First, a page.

Report: Posing as North Koreans, Russian operatives hacked the Olympics

An American media outlet says U.S. intelligence detected Russian attempts to hack the Winter Olympics in PyeongChang, South Korea, posing as North Korean operatives.

U.S. intelligence officials say that the Russian military agency GRU obtained access to as many as 300 computers being used by Olympic authorities. The Russian operatives also allegedly hacked routers in South Korea in January and unleashed malware on the Game’s opening day.

Some suspect the attack was linked to the Olympic Committee’s decision to ban Russian athletes from competing on behalf of their country due to a blood doping scandal.

Olympics officials acknowledged a cyber attack on the Games’ systems on opening day but did not announce who was responsible.

The GRU apparently tried to mask its attacks by using North Korean IP addresses, a misdirection effort known as a “false-flag” operation.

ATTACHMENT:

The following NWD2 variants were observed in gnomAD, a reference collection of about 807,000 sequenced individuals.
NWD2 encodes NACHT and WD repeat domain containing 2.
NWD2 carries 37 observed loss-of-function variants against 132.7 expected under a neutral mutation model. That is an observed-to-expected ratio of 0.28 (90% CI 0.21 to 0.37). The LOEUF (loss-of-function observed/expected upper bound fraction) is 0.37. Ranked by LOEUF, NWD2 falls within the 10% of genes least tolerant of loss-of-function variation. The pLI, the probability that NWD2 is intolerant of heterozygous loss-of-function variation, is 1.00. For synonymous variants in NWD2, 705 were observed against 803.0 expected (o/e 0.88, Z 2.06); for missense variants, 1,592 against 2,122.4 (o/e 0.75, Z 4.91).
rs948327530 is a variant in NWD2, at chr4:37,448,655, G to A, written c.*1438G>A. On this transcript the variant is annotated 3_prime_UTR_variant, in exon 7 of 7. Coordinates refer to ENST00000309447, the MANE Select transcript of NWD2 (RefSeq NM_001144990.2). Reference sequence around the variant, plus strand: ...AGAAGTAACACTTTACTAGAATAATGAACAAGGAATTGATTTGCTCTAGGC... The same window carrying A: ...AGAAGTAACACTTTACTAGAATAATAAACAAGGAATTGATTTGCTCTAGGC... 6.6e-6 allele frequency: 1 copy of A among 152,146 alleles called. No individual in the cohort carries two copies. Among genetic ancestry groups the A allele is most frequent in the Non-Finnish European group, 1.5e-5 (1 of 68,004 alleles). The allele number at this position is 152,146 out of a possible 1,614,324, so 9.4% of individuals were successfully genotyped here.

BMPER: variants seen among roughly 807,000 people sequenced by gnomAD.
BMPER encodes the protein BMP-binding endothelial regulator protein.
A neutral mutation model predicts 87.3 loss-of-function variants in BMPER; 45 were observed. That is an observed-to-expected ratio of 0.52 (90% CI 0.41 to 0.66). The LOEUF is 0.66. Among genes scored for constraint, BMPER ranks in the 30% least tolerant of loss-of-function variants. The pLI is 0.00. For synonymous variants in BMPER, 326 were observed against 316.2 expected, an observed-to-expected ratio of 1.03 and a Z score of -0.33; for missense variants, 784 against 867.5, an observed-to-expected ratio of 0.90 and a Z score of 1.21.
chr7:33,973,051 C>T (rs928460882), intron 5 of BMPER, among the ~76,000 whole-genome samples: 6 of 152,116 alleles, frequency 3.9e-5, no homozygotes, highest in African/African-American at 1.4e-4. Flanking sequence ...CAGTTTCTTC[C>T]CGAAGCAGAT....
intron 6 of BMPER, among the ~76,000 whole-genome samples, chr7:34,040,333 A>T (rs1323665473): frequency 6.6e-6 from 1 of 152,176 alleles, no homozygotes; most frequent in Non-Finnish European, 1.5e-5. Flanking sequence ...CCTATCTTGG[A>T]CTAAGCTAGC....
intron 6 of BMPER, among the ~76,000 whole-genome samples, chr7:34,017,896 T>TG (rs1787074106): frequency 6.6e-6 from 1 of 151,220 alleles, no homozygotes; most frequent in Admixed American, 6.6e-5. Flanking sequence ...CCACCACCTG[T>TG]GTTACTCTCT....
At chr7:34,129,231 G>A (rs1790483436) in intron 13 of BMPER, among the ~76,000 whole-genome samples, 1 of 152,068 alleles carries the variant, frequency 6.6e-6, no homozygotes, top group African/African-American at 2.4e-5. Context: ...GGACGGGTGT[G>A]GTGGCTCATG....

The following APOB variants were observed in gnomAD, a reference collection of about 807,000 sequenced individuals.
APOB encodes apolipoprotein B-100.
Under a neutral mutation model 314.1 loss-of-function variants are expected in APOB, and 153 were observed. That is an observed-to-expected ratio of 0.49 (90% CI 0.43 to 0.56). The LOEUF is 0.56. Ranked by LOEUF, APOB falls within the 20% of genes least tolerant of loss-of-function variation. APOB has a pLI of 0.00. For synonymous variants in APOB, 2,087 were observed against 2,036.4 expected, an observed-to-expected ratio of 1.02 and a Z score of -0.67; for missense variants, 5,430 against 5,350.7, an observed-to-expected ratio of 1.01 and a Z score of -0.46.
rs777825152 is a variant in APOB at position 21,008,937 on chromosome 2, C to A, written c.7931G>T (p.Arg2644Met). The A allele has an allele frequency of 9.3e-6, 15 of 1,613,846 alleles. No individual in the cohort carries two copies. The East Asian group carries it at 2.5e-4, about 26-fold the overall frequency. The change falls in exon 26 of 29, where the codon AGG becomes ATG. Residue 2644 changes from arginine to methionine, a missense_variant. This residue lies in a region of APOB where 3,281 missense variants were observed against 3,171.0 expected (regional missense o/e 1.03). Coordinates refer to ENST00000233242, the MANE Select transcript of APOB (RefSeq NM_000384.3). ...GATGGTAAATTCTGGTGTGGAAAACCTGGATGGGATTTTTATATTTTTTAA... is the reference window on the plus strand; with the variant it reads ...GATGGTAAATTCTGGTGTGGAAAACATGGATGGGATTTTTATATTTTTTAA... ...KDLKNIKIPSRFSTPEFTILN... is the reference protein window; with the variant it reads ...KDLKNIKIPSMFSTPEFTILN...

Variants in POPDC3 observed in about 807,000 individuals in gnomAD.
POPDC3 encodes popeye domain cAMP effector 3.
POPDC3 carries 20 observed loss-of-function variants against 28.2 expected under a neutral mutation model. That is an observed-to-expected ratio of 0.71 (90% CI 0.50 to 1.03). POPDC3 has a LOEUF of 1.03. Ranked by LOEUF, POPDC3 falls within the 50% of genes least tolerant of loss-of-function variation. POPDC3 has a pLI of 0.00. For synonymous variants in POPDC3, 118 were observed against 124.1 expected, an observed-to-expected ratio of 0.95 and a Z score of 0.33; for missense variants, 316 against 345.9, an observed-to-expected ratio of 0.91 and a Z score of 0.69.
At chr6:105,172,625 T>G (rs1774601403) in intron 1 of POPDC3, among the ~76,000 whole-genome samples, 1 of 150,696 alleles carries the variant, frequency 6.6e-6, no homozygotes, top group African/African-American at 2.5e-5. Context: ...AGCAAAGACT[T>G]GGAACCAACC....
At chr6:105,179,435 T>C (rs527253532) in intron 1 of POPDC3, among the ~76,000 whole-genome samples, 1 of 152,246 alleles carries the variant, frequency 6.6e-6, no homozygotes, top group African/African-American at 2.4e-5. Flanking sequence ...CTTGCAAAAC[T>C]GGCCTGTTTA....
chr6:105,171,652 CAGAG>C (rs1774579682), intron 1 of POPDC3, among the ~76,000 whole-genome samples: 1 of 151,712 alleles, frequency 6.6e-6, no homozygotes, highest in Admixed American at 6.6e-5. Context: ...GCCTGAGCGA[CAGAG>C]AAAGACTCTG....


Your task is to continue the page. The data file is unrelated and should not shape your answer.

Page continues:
“Anyone who controls a router would be able to redirect traffic for one or more selected targets or cause total disruption in the network by stopping the routing entirely,” said Jake Williams, a former National Security Agency cyber-operator and co-founder of Rendition Infosec, a cybersecurity firm. [source]

Jon E. Dougherty is a political, foreign policy and national security analyst and reporter with nearly 30 years of experience in both fields. A U.S. Army veteran of Operation Enduring Freedom, he holds BA in Political Science from Ashford University and an MA in National Security Studies/Intelligence Analysis from American Military University.

Leave a Reply

Your email address will not be published. Required fields are marked *

Name *